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This document is a DRAFT specification of a protocol in use on the internet and to be proposed as an Internet standard. Discussion of this protocol takes place on the www-talk at info.cern.ch mailing list -- to subscribe mail to www-talk-request at info.cern.ch. Distribution of this memo is unlimited.
HTTP is a protocol with the lightness and speed necessary for a distributed collaborative hypermedia information system. It is a generic stateless object-oriented protocol, which may be used for many similar tasks such as name servers, and distributed object-oriented systems, by extending the commands, or "methods", used. A feature if HTTP is the negotiation of data representation, allowing systems to be built independently of the development of new advanced representations.
This HTTP protocol is an upgrade on the original protocol as implemented in the earliest WWW releases. It is back-compatible with that more limited protocol.
This specification includes the following parts:
The following notes form recommended practice not part of the specification:
Servers tolerating clients
Clients tolerating servers
When many sources of networked information are available to a reader, and when a discipline of reference between different sources exists, it is possible to rapidly follow references between units of information which are provided at different remote locations. As response times should ideally be of the order of 100ms in, for example, a hypertext jump, this requires a fast, stateless, information retrieval protocol.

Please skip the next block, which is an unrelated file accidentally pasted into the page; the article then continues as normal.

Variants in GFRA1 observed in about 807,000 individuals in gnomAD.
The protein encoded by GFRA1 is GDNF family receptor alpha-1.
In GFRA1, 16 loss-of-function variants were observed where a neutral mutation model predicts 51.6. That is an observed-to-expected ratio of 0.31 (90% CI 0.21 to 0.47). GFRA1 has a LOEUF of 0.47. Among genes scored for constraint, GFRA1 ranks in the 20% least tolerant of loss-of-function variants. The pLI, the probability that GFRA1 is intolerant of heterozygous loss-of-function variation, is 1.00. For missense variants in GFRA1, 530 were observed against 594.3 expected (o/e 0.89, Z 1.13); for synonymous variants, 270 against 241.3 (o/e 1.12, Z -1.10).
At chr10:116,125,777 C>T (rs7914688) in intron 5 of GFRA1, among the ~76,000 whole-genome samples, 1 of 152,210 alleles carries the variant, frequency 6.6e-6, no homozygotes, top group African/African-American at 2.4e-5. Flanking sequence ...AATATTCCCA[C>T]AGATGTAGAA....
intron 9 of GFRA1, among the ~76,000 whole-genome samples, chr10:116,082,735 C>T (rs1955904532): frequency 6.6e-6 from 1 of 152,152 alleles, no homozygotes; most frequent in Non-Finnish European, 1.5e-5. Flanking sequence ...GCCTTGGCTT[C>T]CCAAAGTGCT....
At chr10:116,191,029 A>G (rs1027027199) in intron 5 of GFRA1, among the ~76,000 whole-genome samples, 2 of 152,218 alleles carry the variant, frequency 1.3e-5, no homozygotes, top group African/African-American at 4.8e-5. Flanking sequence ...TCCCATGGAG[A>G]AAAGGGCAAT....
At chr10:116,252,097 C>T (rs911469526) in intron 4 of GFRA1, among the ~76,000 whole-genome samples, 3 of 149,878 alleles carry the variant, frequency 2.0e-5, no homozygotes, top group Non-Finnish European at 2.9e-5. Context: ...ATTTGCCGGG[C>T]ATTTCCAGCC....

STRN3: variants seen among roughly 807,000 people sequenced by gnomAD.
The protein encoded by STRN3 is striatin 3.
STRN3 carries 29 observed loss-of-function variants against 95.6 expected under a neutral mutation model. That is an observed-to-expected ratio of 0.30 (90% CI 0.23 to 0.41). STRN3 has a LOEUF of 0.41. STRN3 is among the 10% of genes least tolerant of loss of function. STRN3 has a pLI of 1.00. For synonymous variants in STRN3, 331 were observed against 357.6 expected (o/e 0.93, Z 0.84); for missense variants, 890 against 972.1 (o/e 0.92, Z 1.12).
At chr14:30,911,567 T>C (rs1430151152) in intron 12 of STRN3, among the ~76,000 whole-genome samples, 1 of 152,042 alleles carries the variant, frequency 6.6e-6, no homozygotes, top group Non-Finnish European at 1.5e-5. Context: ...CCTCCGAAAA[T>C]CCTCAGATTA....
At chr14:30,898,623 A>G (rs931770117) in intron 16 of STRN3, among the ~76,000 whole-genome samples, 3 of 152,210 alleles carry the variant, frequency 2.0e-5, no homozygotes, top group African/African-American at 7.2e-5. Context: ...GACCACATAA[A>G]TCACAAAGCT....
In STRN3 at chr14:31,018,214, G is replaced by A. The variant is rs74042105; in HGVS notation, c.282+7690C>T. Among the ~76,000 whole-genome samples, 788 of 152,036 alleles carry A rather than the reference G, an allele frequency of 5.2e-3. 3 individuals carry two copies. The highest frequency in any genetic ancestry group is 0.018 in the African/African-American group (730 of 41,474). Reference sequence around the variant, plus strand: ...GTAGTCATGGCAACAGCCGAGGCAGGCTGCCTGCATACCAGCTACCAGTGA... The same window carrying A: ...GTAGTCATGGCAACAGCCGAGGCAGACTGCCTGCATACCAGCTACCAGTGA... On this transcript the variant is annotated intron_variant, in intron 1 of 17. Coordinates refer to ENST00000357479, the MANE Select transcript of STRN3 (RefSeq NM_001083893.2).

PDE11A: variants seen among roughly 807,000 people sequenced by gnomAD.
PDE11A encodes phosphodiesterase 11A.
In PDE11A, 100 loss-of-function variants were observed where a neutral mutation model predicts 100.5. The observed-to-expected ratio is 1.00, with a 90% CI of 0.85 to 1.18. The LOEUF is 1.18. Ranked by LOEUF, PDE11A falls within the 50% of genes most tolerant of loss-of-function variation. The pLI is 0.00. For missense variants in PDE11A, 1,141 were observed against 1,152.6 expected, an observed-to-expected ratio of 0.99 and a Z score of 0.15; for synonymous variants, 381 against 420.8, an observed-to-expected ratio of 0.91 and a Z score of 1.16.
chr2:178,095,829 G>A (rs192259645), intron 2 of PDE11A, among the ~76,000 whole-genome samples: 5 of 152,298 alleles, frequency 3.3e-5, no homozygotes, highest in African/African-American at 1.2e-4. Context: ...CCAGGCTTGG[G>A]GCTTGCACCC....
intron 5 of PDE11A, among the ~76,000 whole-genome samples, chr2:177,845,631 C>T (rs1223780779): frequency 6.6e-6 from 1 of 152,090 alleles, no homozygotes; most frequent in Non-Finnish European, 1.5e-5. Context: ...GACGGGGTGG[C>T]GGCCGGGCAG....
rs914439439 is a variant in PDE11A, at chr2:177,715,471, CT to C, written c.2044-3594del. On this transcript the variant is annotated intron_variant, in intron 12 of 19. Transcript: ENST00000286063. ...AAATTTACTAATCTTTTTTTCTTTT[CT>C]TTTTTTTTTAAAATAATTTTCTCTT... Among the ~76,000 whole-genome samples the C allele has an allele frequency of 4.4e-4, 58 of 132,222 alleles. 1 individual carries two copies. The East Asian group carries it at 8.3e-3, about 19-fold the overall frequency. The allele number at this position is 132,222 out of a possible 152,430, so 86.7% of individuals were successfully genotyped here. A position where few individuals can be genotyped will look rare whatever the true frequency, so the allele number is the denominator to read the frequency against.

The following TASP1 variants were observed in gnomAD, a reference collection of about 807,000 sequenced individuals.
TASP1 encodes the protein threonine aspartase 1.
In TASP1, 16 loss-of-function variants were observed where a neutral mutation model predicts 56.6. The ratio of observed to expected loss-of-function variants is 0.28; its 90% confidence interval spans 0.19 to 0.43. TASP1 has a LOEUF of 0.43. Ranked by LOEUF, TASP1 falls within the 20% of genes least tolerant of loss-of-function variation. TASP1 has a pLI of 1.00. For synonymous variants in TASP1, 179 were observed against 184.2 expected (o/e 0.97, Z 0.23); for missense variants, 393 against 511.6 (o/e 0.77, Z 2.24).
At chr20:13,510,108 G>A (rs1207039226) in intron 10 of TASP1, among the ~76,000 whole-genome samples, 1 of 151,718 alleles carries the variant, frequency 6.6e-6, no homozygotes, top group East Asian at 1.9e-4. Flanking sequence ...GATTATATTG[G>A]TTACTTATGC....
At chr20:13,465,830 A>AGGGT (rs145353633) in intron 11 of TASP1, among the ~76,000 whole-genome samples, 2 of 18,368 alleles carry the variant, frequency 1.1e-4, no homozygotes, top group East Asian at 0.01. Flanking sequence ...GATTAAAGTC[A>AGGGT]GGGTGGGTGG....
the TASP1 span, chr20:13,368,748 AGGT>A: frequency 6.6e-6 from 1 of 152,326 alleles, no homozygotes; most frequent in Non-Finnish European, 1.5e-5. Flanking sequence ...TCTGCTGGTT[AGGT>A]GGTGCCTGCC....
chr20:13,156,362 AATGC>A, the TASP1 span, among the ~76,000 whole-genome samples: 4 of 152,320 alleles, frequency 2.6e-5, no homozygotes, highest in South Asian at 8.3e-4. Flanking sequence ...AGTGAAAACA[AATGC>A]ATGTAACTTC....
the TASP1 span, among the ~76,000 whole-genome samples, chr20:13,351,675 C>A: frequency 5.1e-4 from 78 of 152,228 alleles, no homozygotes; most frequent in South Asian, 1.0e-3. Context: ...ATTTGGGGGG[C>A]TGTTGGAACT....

Practical information systems require more functionality than simple retrieval, including search, front-end update and annotation. This protocol allows an open-ended set of methods to be used. It builds on the discipline of reference provided by the Universal Resource Identifier (URI) as a name (URN, RFCxxxx) or address (URL, RFCxxxx) allows the object of the method to be specified.
Reference is made to the Multipurpose Internet Mail Extensions (MIME, RFC1341) which are used to allow objects to be transmitted in an open variety of representations.
On the internet, the communication takes place over a TCP/IP connection. This does not preclude this protocol being implemented over any other protocol on the internet or other networks. In these cases, the mapping of the HTTP request and response structures onto the transport data units of the protocol in question is outside the scope of this specification. It should not however be at all complicated.
The protocol is basically stateless, a transaction consisting of